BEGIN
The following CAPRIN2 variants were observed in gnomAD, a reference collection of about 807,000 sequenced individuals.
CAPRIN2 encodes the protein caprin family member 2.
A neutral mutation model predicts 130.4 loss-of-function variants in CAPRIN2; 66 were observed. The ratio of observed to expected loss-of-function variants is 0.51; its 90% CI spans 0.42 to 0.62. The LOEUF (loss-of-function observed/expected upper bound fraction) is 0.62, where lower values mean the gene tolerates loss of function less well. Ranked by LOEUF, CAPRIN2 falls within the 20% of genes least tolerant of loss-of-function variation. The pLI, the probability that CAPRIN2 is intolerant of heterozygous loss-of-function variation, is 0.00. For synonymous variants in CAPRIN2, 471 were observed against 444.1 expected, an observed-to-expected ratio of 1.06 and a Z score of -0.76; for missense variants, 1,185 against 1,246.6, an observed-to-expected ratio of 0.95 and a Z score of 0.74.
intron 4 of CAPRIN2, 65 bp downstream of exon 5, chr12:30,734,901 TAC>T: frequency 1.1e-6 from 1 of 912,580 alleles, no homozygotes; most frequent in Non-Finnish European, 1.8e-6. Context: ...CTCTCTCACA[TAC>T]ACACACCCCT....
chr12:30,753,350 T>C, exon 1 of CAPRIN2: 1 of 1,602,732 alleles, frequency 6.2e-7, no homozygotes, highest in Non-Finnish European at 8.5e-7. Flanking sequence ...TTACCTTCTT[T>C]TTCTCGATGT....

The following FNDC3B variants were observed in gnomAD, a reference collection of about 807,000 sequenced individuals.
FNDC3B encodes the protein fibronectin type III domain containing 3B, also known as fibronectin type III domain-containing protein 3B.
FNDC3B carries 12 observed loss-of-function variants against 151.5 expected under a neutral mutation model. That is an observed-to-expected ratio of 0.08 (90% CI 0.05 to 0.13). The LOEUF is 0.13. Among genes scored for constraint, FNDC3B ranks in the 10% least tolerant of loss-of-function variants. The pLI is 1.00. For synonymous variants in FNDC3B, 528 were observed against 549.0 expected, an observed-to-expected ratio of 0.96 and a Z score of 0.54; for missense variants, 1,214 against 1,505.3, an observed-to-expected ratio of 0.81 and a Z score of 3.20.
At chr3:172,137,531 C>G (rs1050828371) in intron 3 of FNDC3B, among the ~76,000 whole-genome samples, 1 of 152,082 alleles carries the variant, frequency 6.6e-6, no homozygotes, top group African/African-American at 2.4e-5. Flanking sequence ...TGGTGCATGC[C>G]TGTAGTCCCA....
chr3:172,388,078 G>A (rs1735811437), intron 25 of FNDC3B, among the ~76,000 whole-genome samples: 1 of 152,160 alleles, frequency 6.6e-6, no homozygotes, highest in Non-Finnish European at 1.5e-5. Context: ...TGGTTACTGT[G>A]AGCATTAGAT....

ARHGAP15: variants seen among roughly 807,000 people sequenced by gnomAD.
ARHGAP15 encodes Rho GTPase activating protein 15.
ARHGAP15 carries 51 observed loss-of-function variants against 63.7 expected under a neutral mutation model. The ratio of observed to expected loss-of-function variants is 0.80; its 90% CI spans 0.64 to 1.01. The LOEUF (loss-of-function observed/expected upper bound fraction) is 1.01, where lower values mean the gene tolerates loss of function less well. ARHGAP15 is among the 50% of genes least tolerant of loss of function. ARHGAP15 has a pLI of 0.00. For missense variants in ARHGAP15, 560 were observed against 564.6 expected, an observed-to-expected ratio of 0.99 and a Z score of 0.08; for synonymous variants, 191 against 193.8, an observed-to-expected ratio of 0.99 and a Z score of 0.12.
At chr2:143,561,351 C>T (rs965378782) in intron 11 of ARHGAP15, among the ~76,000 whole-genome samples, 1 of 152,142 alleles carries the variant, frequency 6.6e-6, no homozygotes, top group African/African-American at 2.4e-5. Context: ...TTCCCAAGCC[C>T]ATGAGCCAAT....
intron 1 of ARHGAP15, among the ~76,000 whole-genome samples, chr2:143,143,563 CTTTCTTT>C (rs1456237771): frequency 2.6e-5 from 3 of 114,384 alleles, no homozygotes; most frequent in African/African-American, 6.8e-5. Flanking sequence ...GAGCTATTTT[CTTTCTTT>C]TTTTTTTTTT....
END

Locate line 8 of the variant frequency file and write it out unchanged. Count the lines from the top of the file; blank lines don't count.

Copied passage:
FNDC3B carries 12 observed loss-of-function variants against 151.5 expected under a neutral mutation model. That is an observed-to-expected ratio of 0.08 (90% CI 0.05 to 0.13). The LOEUF is 0.13. Among genes scored for constraint, FNDC3B ranks in the 10% least tolerant of loss-of-function variants. The pLI is 1.00. For synonymous variants in FNDC3B, 528 were observed against 549.0 expected, an observed-to-expected ratio of 0.96 and a Z score of 0.54; for missense variants, 1,214 against 1,505.3, an observed-to-expected ratio of 0.81 and a Z score of 3.20.